8. 8.
    Comeau RM, Sadikot AF, Fenster A, Peters TM (2000) Intraoperative ultrasound for guidance and tissue shift correction in image-guided neurosurgery. Med Phys 27(4):787–800CrossRefPubMedGoogle Scholar
  9. 9.
    De Lorenzo D, De Momi E, Conti L, Votta E, Riva M, Fava E, Bello L, Ferrigno G (2013) Intraoperative forces and moments analysis on patient head clamp during awake brain surgery. Med Biol Eng Comput 51(3):331–341CrossRefPubMedGoogle Scholar
  10. 10.
    De Momi E, Ferrigno G, Bosoni G, Bassanini P, Blasi P, Casaceli G, Fuschillo D, Castana L, Cossu M, Russo GL, Cardinale F (2016) A method for the assessment of time-varying brain shift during navigated epilepsy surgery. Int J Comput Assist Radiol Surg 11(3):473–481CrossRefPubMedGoogle Scholar
  11. 11.
    Fan X, Roberts DW, Ji S, Hartov A, Paulsen KD (2015) Intraoperative fiducial-less patient registration using volumetric 3D ultrasound: a prospective series of 32 neurosurgical cases. J Neurosurg 123(3):721CrossRefPubMedPubMedCentralGoogle Scholar
  12. 12.
    Fuerst B, Wein W, Müller M, Navab N (2014) Automatic ultrasound-MRI registration for neurosurgery using the 2D and 3D LC 2 metric. Med Image Anal 18(8):1312–1319CrossRefPubMedGoogle Scholar
  13. 13.
    Gerard IJ, Kersten-Oertel M, Petrecca K, Sirhan D, Hall JA, Collins DL (2017) Brain shift in neuronavigation of brain tumors: a review. Med Image Anal 35:403–420CrossRefPubMedGoogle Scholar
  14. 14.
    Grady L (2006) Random walks for image segmentation. IEEE Trans Pattern Anal Mach Intell 28(11):1768–1783CrossRefPubMedGoogle Scholar
  15. 15.
    Hartkens T, Hill DL, Castellano-Smith AD, Hawkes DJ, Maurer C, Martin AJ, Hall WA, Liu H, Truwit CL (2003) Measurement and analysis of brain deformation during neurosurgery. IEEE Trans Med Imaging 22(1):82–92CrossRefPubMedGoogle Scholar
  16. 16.
    Hastreiter P, Rezk-Salama C, Soza G, Bauer M, Greiner G, Fahlbusch R, Ganslandt O, Nimsky C (2004) Strategies for brain shift evaluation. Med Image Anal 8(4):447–464CrossRefPubMedGoogle Scholar
  17. 17.
    Hennersperger C, Baust M, Mateus D, Navab N (2015) Computational sonography. In: International conference on medical image computing and computer-assisted intervention. Springer, pp 459–466Google Scholar
  18. 18.
    Hennersperger C, Karamalis A, Navab N (2014) Vascular 3D+ T freehand ultrasound using correlation of Doppler and pulse-oximetry data. In: International conference on information processing in computer-assisted interventions. Springer, pp 68–77Google Scholar
  19. 19.
    Hill DL, Maurer CR Jr, Maciunas RJ, Barwise JA, Fitzpatrick MJ, Wang MY (1998) Measurement of intraoperative brain surface deformation under a craniotomy. Neurosurgery 43(3):514–526CrossRefPubMedGoogle Scholar
  20. 20.
    Hu J, Jin X, Lee JB, Zhang L, Chaudhary V, Guthikonda M, Yang KH, King AI (2007) Intraoperative brain shift prediction using a 3D inhomogeneous patient-specific finite element model. J Neurosurg 106(1):164–169CrossRefPubMedGoogle Scholar
  21. 21.
    Joldes GR, Wittek A, Miller K (2009) Computation of intra-operative brain shift using dynamic relaxation. Comput Methods Appl Mech Eng 198(41):3313–3320CrossRefPubMedPubMedCentralGoogle Scholar
  22. 22.
    Karamalis A, Wein W, Klein T, Navab N (2012) Ultrasound confidence maps using random walks. Med Image Anal 16(6):1101–1112CrossRefPubMedGoogle Scholar
  23. 23.
    Keles GE, Lamborn KR, Berger MS (2003) Coregistration accuracy and detection of brain shift using intraoperative sononavigation during resection of hemispheric tumors. Neurosurgery 53(3):556–564CrossRefPubMedGoogle Scholar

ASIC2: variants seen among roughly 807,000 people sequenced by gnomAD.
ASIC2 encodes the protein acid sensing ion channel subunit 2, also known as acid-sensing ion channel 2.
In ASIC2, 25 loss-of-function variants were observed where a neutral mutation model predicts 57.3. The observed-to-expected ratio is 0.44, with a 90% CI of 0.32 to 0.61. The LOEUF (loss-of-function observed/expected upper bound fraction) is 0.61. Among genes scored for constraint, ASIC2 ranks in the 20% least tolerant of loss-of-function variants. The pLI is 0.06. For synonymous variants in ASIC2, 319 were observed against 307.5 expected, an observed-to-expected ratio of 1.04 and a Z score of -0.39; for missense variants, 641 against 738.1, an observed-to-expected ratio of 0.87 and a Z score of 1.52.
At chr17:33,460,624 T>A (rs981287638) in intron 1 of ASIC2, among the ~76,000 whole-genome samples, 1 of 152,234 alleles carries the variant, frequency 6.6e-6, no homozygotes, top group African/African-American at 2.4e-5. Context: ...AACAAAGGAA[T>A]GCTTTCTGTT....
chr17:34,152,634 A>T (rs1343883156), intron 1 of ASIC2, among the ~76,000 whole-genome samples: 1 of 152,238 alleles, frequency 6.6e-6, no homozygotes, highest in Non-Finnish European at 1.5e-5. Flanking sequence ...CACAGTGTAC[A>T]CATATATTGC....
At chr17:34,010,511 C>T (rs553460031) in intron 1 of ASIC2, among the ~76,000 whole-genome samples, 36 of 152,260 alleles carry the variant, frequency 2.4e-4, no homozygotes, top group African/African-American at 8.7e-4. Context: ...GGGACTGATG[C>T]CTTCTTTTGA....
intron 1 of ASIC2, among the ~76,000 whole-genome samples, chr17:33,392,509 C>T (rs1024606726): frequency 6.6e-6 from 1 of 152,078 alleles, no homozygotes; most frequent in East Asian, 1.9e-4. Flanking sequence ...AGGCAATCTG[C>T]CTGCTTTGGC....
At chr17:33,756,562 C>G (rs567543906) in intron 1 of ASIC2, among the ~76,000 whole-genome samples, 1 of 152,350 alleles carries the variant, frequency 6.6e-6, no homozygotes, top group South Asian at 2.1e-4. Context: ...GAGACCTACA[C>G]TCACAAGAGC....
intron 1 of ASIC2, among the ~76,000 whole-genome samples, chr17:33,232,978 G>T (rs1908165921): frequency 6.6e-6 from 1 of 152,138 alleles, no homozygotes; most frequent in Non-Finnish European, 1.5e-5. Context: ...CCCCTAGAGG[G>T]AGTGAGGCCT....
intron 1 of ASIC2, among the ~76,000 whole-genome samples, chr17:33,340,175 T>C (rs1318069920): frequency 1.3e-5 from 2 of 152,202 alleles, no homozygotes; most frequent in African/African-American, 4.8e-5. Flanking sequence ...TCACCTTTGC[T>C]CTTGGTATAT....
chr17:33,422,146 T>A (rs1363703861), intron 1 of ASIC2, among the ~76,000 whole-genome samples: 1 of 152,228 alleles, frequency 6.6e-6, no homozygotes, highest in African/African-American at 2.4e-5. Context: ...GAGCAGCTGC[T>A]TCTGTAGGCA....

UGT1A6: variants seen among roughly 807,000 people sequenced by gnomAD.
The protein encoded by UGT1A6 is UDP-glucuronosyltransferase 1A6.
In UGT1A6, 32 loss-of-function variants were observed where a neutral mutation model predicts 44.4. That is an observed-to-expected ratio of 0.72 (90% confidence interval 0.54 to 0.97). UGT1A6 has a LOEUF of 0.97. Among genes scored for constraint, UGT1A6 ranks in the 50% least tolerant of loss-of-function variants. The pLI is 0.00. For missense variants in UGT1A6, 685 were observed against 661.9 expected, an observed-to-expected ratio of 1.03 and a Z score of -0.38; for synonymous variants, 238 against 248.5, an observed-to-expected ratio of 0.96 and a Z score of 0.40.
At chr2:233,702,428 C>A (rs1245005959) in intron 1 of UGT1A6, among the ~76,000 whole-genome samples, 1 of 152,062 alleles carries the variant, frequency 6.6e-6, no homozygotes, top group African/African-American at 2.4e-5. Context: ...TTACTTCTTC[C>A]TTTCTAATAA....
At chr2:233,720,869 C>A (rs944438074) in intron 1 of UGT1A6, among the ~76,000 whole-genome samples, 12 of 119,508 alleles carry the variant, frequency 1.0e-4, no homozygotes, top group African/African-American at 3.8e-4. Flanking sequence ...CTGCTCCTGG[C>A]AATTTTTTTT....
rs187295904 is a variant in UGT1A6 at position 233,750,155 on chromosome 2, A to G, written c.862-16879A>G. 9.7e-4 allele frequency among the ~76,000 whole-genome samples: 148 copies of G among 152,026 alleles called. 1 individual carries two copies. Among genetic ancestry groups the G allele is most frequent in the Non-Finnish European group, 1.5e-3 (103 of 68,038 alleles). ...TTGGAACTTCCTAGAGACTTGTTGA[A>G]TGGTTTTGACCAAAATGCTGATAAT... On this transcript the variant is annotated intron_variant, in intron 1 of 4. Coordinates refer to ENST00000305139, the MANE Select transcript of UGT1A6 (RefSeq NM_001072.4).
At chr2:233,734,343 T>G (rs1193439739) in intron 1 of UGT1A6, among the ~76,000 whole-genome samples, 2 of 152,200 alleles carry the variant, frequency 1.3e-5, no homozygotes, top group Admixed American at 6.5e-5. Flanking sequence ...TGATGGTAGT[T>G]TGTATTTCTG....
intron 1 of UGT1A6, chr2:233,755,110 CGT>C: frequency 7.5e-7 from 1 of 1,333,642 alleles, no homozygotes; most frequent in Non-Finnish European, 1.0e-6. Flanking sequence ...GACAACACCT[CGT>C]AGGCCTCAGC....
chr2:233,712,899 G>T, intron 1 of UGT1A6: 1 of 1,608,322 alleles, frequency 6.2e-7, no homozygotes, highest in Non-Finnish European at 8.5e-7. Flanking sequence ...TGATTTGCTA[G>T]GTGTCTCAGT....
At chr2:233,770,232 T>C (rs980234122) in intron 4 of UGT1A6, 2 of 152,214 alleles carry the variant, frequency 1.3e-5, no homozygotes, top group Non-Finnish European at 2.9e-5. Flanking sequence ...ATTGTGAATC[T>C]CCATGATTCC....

24. 24.
    Lasso A, Heffter T, Rankin A, Pinter C, Ungi T, Fichtinger G (2014) Plus: open-source toolkit for ultrasound-guided intervention systems. IEEE Trans Biomed Eng 61(10):2527–2537CrossRefPubMedPubMedCentralGoogle Scholar
  25. 25.
    Letteboer MMJ, Willems PW, Viergever MA, Niessen WJ (2005) Brain shift estimation in image-guided neurosurgery using 3-D ultrasound. IEEE Trans Biomed Eng 52(2):268–276CrossRefPubMedGoogle Scholar
  26. 26.
    Lindner D, Trantakis C, Renner C, Arnold S, Schmitgen A, Schneider J, Meixensberger J (2006) Application of intraoperative 3D ultrasound during navigated tumor resection. min-Minim Invasive Neurosurg 49(04):197–202CrossRefGoogle Scholar
  27. 27.
    Mahboob S, McPhillips R, Qiu Z, Jiang Y, Meggs C, Schiavone G, Button T, Desmulliez M, Demore C, Cochran S, Eljamel S (2016) Intraoperative ultrasound-guided resection of gliomas: a meta-analysis and review of the literature. World Neurosurg 92:255–263Google Scholar
  28. 28.
    Mohammadi A, Ahmadian A, Azar AD, Sheykh AD, Amiri F, Alirezaie J (2015) Estimation of intraoperative brain shift by combination of stereovision and Doppler ultrasound: phantom and animal model study. Int J Comput Assist Radiol Surg 10(11):1753–1764CrossRefPubMedGoogle Scholar
  29. 29.
    Moiyadi AV, Shetty PM, Mahajan A, Udare A, Sridhar E (2013) Usefulness of three-dimensional navigable intraoperative ultrasound in resection of brain tumors with a special emphasis on malignant gliomas. Acta Neurochir 155(12):2217–2225CrossRefPubMedGoogle Scholar
  30. 30.
    Nimsky C, Ganslandt O, Cerny S, Hastreiter P, Greiner G, Fahlbusch R (2000) Quantification of, visualization of, and compensation for brain shift using intraoperative magnetic resonance imaging. Neurosurgery 47(5):1070–1080CrossRefPubMedGoogle Scholar
  31. 31.
    Prada F, Del Bene M, Mattei L, Lodigiani L, DeBeni S, Kolev V, Vetrano I, Solbiati L, Sakas G, DiMeco F (2015) Preoperative magnetic resonance and intraoperative ultrasound fusion imaging for real-time neuronavigation in brain tumor surgery. Eur J Ultrasound 36(02):174–186Google Scholar
  32. 32.
    Prada F, Perin A, Martegani A, Aiani L, Solbiati L, Lamperti M, Casali C, Legnani F, Mattei L, Saladino A, Saini M, DiMeco F (2014) Intraoperative contrast-enhanced ultrasound for brain tumor surgery. Neurosurgery 74(5):542–552CrossRefPubMedGoogle Scholar